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Fournet Florence, Jourdain Frédéric, Bonnet Emmanuel, Degroote S., Ridde Valéry. (2018). Effective surveillance systems for vector-borne diseases in urban settings and translation of the data into action : a scoping review. Infectious Diseases of Poverty, 7 (1), art. no 99 [14 p.] ISSN 2095-5162

Lien direct chez l'éditeur doi:10.1186/s40249-018-0473-9

Effective surveillance systems for vector-borne diseases in urban settings and translation of the data into action : a scoping review
Année de publication2018
Type de documentArticle
AuteursFournet Florence, Jourdain Frédéric, Bonnet Emmanuel, Degroote S., Ridde Valéry.
SourceInfectious Diseases of Poverty, 2018, 7 (1), art. no 99 [14 p.] ISSN 2095-5162
RésuméBackground : Vector-borne diseases (VBDs) continue to represent a global threat, with "old" diseases like malaria, and "emergent" or "re-emergent" ones like Zika, because of an increase in international trade, demographic growth, and rapid urbanization. In this era of globalization, surveillance is a key element in controlling VBDs in urban settings, but surveillance alone cannot solve the problem. A review of experiences is of interest to examine other solution elements. The objectives were to assess the different means of VBD surveillance in urban environments, to evaluate their potential for supporting public health actions, and to describe the tools used for public health actions, the constraints they face, and the research and health action gaps to be filled. Main body : For this scoping review we searched peer-reviewed articles and grey literature published between 2000 and 2016. Various tools were used for data coding and extraction. A quality assessment was done for each study reviewed, and descriptive characteristics and data on implementation process and transferability were analyzed in all studies. After screening 414 full-text articles, we retained a total of 79 articles for review. The main targets of the articles were arboviral diseases (65.8%) and malaria (16.5%). The positive aspects of many studies fit within the framework of integrated vector management. Public awareness is considered a key to successful vector control programs. Advocacy and legislation can reinforce both empowerment and capacity building. These can be achieved by collaboration within the health sector and with other sectors. Research is needed to develop well designed studies and new tools for surveillance and control. Conclusions : The need for surveillance systems in urban settings in both developing and developed countries was highlighted. Countries face the same challenges relating to human, financial, and structural resources. These findings also constitute a wake-up call for governments, academia, funders, and World Health Organization to strengthen control programs and enhance VBD research in urban environments.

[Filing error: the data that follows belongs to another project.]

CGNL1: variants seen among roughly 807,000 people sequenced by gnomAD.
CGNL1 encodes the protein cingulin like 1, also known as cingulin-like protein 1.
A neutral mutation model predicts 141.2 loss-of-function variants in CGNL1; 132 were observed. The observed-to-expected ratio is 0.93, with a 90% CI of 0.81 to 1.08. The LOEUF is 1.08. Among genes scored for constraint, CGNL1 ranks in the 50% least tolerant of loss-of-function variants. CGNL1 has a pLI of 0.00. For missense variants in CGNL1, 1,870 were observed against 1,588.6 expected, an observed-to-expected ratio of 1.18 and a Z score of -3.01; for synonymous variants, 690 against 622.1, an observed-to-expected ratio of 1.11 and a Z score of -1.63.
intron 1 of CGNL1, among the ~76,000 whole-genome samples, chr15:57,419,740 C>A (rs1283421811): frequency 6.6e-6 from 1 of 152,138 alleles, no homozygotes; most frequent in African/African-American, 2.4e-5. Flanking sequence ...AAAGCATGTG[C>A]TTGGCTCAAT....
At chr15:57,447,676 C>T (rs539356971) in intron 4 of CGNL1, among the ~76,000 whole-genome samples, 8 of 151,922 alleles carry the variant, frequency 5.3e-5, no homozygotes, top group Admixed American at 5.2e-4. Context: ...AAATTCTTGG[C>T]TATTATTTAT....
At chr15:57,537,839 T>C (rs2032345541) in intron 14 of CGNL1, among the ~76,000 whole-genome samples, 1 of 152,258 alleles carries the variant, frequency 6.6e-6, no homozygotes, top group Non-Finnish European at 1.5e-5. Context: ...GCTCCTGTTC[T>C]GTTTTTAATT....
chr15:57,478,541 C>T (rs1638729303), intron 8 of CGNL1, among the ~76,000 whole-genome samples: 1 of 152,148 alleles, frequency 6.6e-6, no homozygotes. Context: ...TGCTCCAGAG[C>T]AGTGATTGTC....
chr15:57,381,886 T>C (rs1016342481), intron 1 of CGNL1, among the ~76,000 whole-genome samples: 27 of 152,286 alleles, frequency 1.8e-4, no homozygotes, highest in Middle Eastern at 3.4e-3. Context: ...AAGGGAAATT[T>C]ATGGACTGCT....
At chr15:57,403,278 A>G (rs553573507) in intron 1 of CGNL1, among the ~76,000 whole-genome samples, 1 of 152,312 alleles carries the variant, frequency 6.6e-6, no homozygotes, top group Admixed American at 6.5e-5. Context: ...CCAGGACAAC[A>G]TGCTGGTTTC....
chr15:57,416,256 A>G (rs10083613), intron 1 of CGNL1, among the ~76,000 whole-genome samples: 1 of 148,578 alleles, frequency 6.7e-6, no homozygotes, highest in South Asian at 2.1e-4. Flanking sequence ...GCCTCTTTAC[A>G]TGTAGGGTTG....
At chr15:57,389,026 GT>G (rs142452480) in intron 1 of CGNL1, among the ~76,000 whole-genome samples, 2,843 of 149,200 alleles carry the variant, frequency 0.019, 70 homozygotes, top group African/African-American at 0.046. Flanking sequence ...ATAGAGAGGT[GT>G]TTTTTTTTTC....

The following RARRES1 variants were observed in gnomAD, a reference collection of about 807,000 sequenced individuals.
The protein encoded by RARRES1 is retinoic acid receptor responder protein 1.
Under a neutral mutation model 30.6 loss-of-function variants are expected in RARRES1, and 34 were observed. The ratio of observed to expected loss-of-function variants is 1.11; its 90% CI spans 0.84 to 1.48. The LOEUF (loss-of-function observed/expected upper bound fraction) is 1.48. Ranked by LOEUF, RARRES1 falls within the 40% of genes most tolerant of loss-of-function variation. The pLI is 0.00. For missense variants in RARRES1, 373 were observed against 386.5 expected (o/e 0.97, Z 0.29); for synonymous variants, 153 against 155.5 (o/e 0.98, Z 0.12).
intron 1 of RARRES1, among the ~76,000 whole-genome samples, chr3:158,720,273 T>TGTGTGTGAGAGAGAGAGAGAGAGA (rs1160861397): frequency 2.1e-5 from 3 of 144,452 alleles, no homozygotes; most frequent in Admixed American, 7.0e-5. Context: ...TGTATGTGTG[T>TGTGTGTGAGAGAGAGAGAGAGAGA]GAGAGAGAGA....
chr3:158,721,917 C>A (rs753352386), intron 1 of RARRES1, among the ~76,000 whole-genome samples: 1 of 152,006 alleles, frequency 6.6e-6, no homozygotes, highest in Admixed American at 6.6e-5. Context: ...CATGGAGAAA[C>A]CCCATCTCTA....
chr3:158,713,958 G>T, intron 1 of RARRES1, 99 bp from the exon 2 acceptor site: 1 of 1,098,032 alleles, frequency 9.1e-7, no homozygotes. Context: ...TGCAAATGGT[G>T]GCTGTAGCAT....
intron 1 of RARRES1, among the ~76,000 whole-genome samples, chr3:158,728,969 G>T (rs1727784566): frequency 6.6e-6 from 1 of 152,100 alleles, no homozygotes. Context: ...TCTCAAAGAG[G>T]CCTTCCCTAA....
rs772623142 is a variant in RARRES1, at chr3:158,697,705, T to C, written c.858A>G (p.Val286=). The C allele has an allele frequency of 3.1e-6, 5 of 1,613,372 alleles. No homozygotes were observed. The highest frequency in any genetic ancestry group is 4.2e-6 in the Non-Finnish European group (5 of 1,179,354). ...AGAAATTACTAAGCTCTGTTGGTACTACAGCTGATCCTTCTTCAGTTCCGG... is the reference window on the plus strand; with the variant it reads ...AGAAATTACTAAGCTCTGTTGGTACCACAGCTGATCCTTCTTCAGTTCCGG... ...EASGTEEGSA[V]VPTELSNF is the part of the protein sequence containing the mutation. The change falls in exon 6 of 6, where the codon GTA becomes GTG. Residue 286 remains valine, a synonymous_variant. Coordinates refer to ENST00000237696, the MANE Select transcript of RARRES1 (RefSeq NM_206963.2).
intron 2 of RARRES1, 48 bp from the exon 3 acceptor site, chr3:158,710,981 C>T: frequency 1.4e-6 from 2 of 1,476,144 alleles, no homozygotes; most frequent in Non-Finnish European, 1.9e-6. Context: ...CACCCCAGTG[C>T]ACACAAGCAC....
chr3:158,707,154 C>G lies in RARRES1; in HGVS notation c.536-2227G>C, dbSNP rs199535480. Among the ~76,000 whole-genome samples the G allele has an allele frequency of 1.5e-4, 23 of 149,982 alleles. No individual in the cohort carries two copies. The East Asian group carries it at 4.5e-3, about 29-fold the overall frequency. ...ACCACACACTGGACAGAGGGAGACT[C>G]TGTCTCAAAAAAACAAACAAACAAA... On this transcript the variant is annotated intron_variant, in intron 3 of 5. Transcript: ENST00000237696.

Plan de classementEntomologie médicale / Parasitologie / Virologie [052] ; Santé : aspects socioculturels, économiques et politiques [056] ; Urbanisation et sociétés urbaines [102]
LocalisationFonds IRD [F B010077263]
Identifiant IRDfdi:010077263
Lien permanenthttp://www.documentation.ird.fr/hor/fdi:010077263

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